Now that Facebook Credits have been nixed as the official currency of Facebook games, the company took some time Tuesday during the Game Developers Conference in San Francisco to explain how the new system of local currency makes in-game purchases easier for all parties. Now, game developers have full control over what they charge users in different countries, and users can see rounded price points instead of always-changing conversions.
Facebook announced its transition from Facebook Credits to local currencies for games and game developers last June, and all game developers are slated to be migrated to local currencies during the third quarter of this year, so the social network provided some details in advance in a post on its developer blog.
Last week, Facebook entered the gift card market with the Facebook Card — a new addition to Facebook Gifts. Unlike other gift card options offered by Gifts, this is a plastic card that can be used at Target, Sephora, Jamba Juice, and Olive Garden. Noah Mallin, vice president of social media for brand agency Digitas, thinks that the Facebook Card could be a very powerful way that brands learn more about users’ spending habits, and it could also revolutionize mobile ads.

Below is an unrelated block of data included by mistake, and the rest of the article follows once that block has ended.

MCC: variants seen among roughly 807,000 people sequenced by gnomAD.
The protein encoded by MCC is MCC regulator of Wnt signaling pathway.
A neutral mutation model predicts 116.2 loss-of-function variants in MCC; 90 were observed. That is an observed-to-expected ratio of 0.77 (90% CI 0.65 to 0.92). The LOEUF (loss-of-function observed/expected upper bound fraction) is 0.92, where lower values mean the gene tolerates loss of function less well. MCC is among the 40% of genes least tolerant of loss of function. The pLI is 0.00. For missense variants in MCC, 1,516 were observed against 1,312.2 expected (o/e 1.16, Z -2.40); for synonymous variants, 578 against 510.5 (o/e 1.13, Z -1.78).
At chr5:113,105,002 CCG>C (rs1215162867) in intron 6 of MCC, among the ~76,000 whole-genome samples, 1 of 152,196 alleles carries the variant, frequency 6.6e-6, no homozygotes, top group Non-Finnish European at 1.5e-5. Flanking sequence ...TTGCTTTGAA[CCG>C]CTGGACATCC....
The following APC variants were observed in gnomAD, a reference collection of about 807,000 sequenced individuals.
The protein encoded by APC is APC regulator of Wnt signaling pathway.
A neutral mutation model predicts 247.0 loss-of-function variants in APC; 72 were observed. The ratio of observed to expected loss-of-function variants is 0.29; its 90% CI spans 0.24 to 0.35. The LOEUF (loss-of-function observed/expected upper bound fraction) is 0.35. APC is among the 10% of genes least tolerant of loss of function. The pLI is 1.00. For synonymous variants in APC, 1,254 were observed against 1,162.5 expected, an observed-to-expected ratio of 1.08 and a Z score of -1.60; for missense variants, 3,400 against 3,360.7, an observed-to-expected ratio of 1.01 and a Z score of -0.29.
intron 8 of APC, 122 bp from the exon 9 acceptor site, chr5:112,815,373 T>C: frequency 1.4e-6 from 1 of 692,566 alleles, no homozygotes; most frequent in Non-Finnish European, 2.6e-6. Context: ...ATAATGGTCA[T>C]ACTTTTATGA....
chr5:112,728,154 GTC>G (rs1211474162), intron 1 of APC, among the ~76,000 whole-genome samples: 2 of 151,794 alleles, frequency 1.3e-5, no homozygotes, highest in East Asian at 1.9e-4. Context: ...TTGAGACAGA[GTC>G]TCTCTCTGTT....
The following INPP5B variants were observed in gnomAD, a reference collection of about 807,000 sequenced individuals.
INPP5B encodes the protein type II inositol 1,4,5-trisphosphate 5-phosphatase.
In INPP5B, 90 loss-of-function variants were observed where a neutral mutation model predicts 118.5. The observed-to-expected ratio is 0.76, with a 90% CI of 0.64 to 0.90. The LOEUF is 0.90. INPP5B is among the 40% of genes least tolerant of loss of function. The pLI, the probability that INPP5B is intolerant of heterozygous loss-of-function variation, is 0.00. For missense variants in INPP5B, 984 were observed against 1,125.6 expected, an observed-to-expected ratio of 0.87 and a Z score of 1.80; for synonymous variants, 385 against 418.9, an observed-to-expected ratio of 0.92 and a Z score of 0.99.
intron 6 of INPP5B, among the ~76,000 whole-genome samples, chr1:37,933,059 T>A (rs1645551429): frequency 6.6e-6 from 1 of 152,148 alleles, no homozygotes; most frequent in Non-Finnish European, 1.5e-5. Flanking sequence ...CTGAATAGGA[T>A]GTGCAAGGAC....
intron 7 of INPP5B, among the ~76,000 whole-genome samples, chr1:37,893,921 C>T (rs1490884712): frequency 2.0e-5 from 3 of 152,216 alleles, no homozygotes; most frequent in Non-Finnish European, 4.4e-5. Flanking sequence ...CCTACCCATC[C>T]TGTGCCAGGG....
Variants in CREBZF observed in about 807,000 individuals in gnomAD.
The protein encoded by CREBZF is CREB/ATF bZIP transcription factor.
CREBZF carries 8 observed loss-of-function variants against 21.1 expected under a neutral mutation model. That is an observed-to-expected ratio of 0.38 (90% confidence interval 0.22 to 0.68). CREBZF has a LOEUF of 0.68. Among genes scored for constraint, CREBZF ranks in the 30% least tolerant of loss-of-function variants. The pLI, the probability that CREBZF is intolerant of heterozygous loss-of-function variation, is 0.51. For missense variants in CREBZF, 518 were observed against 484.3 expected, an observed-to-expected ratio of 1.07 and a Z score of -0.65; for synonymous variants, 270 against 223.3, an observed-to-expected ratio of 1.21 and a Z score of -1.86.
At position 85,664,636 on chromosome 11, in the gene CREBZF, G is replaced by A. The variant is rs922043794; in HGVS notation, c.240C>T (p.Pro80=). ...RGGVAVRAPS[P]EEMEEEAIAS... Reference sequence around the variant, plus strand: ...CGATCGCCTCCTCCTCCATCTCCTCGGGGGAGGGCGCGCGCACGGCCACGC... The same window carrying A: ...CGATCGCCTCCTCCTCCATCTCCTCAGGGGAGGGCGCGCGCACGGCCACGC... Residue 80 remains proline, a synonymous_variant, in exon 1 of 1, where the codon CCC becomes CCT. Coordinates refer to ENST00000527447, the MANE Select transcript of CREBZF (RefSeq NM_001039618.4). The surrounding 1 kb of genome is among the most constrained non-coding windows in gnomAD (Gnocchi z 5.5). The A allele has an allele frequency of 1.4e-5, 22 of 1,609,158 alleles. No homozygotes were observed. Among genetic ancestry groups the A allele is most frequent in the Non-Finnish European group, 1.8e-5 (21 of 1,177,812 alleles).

Facebook is facing an actual lawsuit over virtual currency, with Austin, Texas-based Kickflip, which does business as Gambit, claiming that the social network violated antitrust laws with its entry into the sector and resulting terms.
Five of the top 10 global game developers on Facebook are from Europe, the Middle East, or Asia, compared with just one in 2011, Julien Codorniou, the social network’s head of games partnerships for EMEA, said during Facebook’s developer day at GDC Europe last month.
Facebook Thursday will announce a feature for advertisers called action tracking, which will enable them to move beyond likes and track conversions and downstream activity, according to social ad-management software provider Buddy Media, which offered details on the new capabilities in a post on its blog.
Facebook continues to aid application developers with its phasing out of Facebook Credits in favor of local currency, following up its introduction of revised payment terms last week with Thursday’s rollout of an application-programming interface that allows developers to convert Facebook Credits into the user’s preferred currency.
The Zeus Trojan is on the prowl again, hungry for credit-card information and other personal data, and Facebook is being used as the bait.
Following Facebook’s announcements Tuesday that it was scrapping Facebook Credits in favor of local currency, as well as launching subscription billing for applications, the social network updated its payments terms Wednesday on both the user and developer sides.